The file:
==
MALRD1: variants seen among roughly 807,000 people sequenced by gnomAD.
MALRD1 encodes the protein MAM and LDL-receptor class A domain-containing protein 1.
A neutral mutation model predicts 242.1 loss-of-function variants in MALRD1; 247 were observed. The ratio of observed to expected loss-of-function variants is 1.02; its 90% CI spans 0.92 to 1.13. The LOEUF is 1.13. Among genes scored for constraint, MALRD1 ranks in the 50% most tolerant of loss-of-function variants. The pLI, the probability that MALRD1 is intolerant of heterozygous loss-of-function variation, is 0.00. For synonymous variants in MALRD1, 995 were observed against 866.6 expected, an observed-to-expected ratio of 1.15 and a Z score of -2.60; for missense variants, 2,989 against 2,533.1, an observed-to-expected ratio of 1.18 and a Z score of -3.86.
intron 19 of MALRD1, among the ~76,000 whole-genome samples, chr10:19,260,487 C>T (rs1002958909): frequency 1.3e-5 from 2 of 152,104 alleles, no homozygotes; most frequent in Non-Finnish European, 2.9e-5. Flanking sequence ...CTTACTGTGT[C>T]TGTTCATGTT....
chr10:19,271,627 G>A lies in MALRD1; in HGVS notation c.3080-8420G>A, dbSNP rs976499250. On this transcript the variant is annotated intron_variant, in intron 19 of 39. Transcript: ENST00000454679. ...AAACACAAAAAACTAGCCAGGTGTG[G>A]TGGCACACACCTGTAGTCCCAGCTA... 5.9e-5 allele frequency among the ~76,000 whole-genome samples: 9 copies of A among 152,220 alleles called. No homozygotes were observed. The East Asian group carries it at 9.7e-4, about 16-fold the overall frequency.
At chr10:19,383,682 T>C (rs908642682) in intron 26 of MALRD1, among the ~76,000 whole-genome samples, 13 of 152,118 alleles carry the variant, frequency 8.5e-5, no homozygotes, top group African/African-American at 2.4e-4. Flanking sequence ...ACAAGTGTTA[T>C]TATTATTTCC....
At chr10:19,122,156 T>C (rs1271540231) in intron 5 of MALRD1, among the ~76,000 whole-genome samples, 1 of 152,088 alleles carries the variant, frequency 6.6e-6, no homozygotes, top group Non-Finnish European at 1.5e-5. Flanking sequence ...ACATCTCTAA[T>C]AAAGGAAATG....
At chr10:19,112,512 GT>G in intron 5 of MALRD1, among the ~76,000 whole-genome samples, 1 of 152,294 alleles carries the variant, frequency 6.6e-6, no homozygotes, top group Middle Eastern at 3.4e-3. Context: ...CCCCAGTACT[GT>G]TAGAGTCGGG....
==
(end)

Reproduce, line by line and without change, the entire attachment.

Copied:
MALRD1: variants seen among roughly 807,000 people sequenced by gnomAD.
MALRD1 encodes the protein MAM and LDL-receptor class A domain-containing protein 1.
A neutral mutation model predicts 242.1 loss-of-function variants in MALRD1; 247 were observed. The ratio of observed to expected loss-of-function variants is 1.02; its 90% CI spans 0.92 to 1.13. The LOEUF is 1.13. Among genes scored for constraint, MALRD1 ranks in the 50% most tolerant of loss-of-function variants. The pLI, the probability that MALRD1 is intolerant of heterozygous loss-of-function variation, is 0.00. For synonymous variants in MALRD1, 995 were observed against 866.6 expected, an observed-to-expected ratio of 1.15 and a Z score of -2.60; for missense variants, 2,989 against 2,533.1, an observed-to-expected ratio of 1.18 and a Z score of -3.86.
intron 19 of MALRD1, among the ~76,000 whole-genome samples, chr10:19,260,487 C>T (rs1002958909): frequency 1.3e-5 from 2 of 152,104 alleles, no homozygotes; most frequent in Non-Finnish European, 2.9e-5. Flanking sequence ...CTTACTGTGT[C>T]TGTTCATGTT....
chr10:19,271,627 G>A lies in MALRD1; in HGVS notation c.3080-8420G>A, dbSNP rs976499250. On this transcript the variant is annotated intron_variant, in intron 19 of 39. Transcript: ENST00000454679. ...AAACACAAAAAACTAGCCAGGTGTG[G>A]TGGCACACACCTGTAGTCCCAGCTA... 5.9e-5 allele frequency among the ~76,000 whole-genome samples: 9 copies of A among 152,220 alleles called. No homozygotes were observed. The East Asian group carries it at 9.7e-4, about 16-fold the overall frequency.
At chr10:19,383,682 T>C (rs908642682) in intron 26 of MALRD1, among the ~76,000 whole-genome samples, 13 of 152,118 alleles carry the variant, frequency 8.5e-5, no homozygotes, top group African/African-American at 2.4e-4. Flanking sequence ...ACAAGTGTTA[T>C]TATTATTTCC....
At chr10:19,122,156 T>C (rs1271540231) in intron 5 of MALRD1, among the ~76,000 whole-genome samples, 1 of 152,088 alleles carries the variant, frequency 6.6e-6, no homozygotes, top group Non-Finnish European at 1.5e-5. Flanking sequence ...ACATCTCTAA[T>C]AAAGGAAATG....
At chr10:19,112,512 GT>G in intron 5 of MALRD1, among the ~76,000 whole-genome samples, 1 of 152,294 alleles carries the variant, frequency 6.6e-6, no homozygotes, top group Middle Eastern at 3.4e-3. Context: ...CCCCAGTACT[GT>G]TAGAGTCGGG....